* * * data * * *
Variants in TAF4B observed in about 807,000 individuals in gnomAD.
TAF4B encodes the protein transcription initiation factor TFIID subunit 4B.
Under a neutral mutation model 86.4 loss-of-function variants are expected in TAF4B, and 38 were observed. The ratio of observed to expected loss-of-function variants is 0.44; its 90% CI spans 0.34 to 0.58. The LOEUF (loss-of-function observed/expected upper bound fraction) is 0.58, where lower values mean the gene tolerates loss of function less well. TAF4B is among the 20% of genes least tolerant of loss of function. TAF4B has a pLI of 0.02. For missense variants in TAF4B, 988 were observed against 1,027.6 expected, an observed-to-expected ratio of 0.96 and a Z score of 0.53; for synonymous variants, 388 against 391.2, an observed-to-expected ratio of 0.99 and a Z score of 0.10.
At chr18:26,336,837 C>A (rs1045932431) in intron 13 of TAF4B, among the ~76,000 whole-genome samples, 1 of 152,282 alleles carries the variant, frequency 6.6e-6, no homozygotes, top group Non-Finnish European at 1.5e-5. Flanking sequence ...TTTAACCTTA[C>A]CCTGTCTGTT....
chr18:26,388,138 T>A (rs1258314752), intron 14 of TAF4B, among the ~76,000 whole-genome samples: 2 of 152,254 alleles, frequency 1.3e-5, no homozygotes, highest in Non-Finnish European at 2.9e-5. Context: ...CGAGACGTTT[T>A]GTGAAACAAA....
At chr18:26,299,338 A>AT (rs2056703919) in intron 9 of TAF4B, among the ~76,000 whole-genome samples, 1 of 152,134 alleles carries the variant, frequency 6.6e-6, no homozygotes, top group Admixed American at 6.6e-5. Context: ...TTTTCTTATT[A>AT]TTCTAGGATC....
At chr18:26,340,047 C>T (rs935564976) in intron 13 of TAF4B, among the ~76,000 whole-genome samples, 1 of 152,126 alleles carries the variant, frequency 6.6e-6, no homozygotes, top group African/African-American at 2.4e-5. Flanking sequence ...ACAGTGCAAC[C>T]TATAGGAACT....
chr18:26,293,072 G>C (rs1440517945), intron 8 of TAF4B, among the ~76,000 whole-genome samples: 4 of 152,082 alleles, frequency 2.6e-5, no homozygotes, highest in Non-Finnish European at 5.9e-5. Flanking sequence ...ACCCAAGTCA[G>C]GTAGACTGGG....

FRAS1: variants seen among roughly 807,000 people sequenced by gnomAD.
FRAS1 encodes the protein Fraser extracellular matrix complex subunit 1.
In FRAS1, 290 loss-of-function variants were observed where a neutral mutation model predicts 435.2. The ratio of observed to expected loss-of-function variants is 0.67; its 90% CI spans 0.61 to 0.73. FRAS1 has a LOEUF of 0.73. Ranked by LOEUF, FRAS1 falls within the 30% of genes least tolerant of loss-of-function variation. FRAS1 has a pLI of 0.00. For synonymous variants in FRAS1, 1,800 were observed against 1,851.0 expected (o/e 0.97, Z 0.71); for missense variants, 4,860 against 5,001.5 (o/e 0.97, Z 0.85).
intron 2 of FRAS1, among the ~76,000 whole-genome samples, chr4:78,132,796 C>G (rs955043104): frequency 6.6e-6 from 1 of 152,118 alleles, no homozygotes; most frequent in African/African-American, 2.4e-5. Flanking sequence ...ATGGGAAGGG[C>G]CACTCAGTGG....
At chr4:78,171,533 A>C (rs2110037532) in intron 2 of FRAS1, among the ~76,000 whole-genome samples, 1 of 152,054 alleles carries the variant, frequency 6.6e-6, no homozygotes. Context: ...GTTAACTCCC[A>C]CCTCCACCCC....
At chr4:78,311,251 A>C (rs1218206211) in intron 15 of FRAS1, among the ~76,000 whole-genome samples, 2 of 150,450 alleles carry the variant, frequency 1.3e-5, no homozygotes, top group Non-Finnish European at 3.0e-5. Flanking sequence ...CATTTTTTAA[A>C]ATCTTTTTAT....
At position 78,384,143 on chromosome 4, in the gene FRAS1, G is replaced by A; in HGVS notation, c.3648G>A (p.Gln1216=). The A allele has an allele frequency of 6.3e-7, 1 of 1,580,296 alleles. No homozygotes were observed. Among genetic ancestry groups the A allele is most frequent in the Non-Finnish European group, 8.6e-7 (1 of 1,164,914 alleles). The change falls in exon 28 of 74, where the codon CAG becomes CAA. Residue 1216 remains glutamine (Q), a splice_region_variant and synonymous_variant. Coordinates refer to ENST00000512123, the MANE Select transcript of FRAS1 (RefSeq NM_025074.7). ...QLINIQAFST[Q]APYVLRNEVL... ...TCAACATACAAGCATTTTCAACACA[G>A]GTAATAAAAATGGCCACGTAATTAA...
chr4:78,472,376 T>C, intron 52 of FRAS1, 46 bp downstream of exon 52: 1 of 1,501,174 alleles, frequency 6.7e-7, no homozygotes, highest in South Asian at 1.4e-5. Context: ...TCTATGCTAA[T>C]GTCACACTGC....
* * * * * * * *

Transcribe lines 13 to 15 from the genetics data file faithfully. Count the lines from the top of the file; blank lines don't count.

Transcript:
At chr4:78,171,533 A>C (rs2110037532) in intron 2 of FRAS1, among the ~76,000 whole-genome samples, 1 of 152,054 alleles carries the variant, frequency 6.6e-6, no homozygotes. Context: ...GTTAACTCCC[A>C]CCTCCACCCC....
At chr4:78,311,251 A>C (rs1218206211) in intron 15 of FRAS1, among the ~76,000 whole-genome samples, 2 of 150,450 alleles carry the variant, frequency 1.3e-5, no homozygotes, top group Non-Finnish European at 3.0e-5. Flanking sequence ...CATTTTTTAA[A>C]ATCTTTTTAT....
At position 78,384,143 on chromosome 4, in the gene FRAS1, G is replaced by A; in HGVS notation, c.3648G>A (p.Gln1216=). The A allele has an allele frequency of 6.3e-7, 1 of 1,580,296 alleles. No homozygotes were observed. Among genetic ancestry groups the A allele is most frequent in the Non-Finnish European group, 8.6e-7 (1 of 1,164,914 alleles). The change falls in exon 28 of 74, where the codon CAG becomes CAA. Residue 1216 remains glutamine (Q), a splice_region_variant and synonymous_variant. Coordinates refer to ENST00000512123, the MANE Select transcript of FRAS1 (RefSeq NM_025074.7). ...QLINIQAFST[Q]APYVLRNEVL... ...TCAACATACAAGCATTTTCAACACA[G>A]GTAATAAAAATGGCCACGTAATTAA...